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Author Topic:   Explaining the pro-Evolution position
Dr Adequate
Member
Posts: 16097
Joined: 07-20-2006


Message 286 of 393 (792801)
10-14-2016 12:18 PM
Reply to: Message 282 by Kleinman
10-14-2016 12:12 PM


Re: Waiting For Goddidit, we know rmnsdidn'tdoit
Thanks Doc. BTW, if you think that fixation and amplification are the same thing ...

I don't, which is why I have never said so.


This message is a reply to:
 Message 282 by Kleinman, posted 10-14-2016 12:12 PM Kleinman has not yet responded

  
PaulK
Member
Posts: 15329
Joined: 01-10-2003
Member Rating: 2.7


Message 287 of 393 (792802)
10-14-2016 12:21 PM
Reply to: Message 281 by Kleinman
10-14-2016 12:08 PM


Re: Is it summation time?
I have a question for you Kleinman. Since you militantly refuse to understand rmns how can you possibly know that a proper understanding would falsify evolution ?
This message is a reply to:
 Message 281 by Kleinman, posted 10-14-2016 12:08 PM Kleinman has responded

Replies to this message:
 Message 304 by Kleinman, posted 10-14-2016 1:13 PM PaulK has responded

    
Taq
Member
Posts: 7997
Joined: 03-06-2009
Member Rating: 3.8


Message 288 of 393 (792803)
10-14-2016 12:27 PM
Reply to: Message 283 by Kleinman
10-14-2016 12:16 PM


Re: Mathematics cannot change reality but when done correctly can predict it
Kleinman writes:


I think you will find some disagreement with other posters on this thread. As long as mutation are random events, beneficial mutations are just a subset of all mutations.

I don't see how that addresses anything in my post.

Let's use military tanks as an example. Let's say that two possible upgrades for a tank are thicker armor and a more powerful main gun. A tank with either thicker armor or a more powerful gun would be better. A tank with BOTH thicker armor and a more powerful gun would be better than a tank with just one upgrade. The upgrades are additive in that both upgrades add up to a better tank than a single upgrade by itself.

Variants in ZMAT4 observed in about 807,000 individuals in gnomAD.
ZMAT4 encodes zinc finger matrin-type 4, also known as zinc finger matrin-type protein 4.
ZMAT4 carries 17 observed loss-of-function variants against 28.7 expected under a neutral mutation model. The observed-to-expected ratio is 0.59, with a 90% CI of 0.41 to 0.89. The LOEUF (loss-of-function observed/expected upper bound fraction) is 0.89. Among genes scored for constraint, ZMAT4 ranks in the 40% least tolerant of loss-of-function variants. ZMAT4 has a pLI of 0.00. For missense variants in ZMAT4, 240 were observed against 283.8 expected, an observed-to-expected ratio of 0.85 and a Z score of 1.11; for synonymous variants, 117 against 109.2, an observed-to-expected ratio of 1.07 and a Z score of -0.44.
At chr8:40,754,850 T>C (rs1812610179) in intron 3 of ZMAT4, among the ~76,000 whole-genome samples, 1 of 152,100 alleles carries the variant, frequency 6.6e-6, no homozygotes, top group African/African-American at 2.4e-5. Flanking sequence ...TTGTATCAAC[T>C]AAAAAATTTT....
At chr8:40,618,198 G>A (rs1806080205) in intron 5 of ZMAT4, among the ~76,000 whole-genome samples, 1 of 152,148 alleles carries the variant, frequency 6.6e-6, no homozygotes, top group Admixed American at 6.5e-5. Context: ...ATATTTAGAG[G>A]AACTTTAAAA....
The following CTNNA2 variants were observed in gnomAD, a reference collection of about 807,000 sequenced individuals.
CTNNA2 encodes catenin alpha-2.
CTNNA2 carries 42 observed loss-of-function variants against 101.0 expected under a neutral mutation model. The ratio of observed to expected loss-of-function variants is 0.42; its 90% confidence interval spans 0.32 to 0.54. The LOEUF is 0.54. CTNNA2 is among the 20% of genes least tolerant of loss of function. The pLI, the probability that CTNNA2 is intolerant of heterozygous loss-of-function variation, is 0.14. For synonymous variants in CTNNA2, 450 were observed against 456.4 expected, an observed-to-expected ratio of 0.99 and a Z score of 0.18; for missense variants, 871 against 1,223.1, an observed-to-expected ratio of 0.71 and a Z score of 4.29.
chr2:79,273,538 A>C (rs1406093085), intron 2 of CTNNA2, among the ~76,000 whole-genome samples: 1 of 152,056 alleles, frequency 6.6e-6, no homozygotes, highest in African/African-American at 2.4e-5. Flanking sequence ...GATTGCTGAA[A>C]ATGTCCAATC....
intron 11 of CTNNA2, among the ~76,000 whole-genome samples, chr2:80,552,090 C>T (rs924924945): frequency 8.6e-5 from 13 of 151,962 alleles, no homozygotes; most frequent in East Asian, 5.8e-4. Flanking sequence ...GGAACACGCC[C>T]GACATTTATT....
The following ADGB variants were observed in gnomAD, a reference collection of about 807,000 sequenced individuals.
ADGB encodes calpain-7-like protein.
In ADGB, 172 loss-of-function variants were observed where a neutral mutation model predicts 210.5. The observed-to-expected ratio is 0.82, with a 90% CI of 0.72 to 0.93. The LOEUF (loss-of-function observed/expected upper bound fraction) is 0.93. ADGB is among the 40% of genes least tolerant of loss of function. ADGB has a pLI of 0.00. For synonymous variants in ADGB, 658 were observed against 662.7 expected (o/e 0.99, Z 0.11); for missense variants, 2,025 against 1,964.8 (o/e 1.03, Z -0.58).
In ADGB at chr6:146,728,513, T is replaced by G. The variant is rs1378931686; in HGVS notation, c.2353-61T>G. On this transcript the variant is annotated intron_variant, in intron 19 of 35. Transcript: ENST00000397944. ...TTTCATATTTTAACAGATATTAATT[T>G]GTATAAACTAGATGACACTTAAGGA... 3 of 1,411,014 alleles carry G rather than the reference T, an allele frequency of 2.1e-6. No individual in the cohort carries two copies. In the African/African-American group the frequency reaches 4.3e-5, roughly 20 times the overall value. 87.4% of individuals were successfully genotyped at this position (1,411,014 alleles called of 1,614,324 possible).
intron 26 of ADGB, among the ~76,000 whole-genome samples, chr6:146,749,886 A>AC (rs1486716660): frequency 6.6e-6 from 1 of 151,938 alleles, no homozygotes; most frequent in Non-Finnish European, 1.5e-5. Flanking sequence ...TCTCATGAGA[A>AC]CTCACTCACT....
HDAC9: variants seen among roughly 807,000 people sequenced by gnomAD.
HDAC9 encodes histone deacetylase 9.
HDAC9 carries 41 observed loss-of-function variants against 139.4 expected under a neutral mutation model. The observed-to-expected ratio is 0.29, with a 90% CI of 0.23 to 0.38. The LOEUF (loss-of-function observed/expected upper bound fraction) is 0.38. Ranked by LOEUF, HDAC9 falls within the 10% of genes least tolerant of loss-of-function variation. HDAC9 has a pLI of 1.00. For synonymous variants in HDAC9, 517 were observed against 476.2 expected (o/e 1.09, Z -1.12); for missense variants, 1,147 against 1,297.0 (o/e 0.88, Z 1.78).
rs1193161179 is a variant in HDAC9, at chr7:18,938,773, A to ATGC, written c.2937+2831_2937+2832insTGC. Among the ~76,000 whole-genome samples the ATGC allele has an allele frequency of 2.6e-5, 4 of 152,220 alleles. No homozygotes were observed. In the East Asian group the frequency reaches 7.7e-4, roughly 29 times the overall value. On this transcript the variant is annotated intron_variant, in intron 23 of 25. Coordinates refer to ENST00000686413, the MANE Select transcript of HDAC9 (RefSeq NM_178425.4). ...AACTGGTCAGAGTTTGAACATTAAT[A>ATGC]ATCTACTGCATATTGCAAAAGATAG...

This is often how beneficial mutations work. A beneficial mutation is beneficial all by itself. When it is combined with another beneficial mutation, the individual with two beneficial mutations is more fit than an individual with just one of those beneficial mutations.

The problem with your HIV model is that it doesn't take this into account. You are only looking at situations where you need both mutations in order to see an increase in fitness. As discussed earlier, this isn't always the case in the real world.

Edited by Taq, : No reason given.


This message is a reply to:
 Message 283 by Kleinman, posted 10-14-2016 12:16 PM Kleinman has responded

Replies to this message:
 Message 305 by Kleinman, posted 10-14-2016 1:21 PM Taq has responded

  
Dr Adequate
Member
Posts: 16097
Joined: 07-20-2006


Message 289 of 393 (792804)
10-14-2016 12:30 PM
Reply to: Message 267 by Taq
10-14-2016 11:06 AM


Re: Mathematics cannot change reality but when done correctly can predict it
I don't have a reference at hand, but I may find time to find one.

I think my example of melanin production and malaria resistance should suffice, unless someone can explain how darker skin will not be selected for unless someone also has mutations that confer malarial resistance (and visa versa).

I meant specifically for the bit where you said "the individual viruses with just one potentially beneficially mutation do not reproduce at a higher rate".


This message is a reply to:
 Message 267 by Taq, posted 10-14-2016 11:06 AM Taq has responded

Replies to this message:
 Message 292 by Taq, posted 10-14-2016 12:33 PM Dr Adequate has responded

  
Taq
Member
Posts: 7997
Joined: 03-06-2009
Member Rating: 3.8


Message 290 of 393 (792805)
10-14-2016 12:30 PM
Reply to: Message 276 by Kleinman
10-14-2016 12:01 PM


Re: Mathematics cannot change reality but when done correctly can predict it
Kleinman writes:

Don't get me wrong, there's more than one way replicators can adapt to selection pressures other than rmns. Recombination is a much faster way replicators can adapt and they can do it to multiple selection pressures simultaneously. But they have to have the correct alleles already in the gene pool.

Recombination events are random mutations, and recombination events can produce new alleles.


This message is a reply to:
 Message 276 by Kleinman, posted 10-14-2016 12:01 PM Kleinman has responded

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Modulous
Member (Idle past 336 days)
Posts: 7789
From: Manchester, UK
Joined: 05-01-2005


Message 291 of 393 (792806)
10-14-2016 12:33 PM
Reply to: Message 276 by Kleinman
10-14-2016 12:01 PM


the equality of pressure?
On the other hand, rmns is the creation of new alleles in order to adapt.

Yet more evidence I am correct in my assessment of your argument. Random mutations create new alleles. Natural selection does not create new alleles. And NONE OF IT happens 'in order to adapt'.

The new alleles are in competition with the other alleles. If it replicates at a faster rate than they, they will increase in frequency - else they won't. That's natural selection. It doesn't create alleles it's just the phenomena that alleles which are able to replicate more, will be more replicated.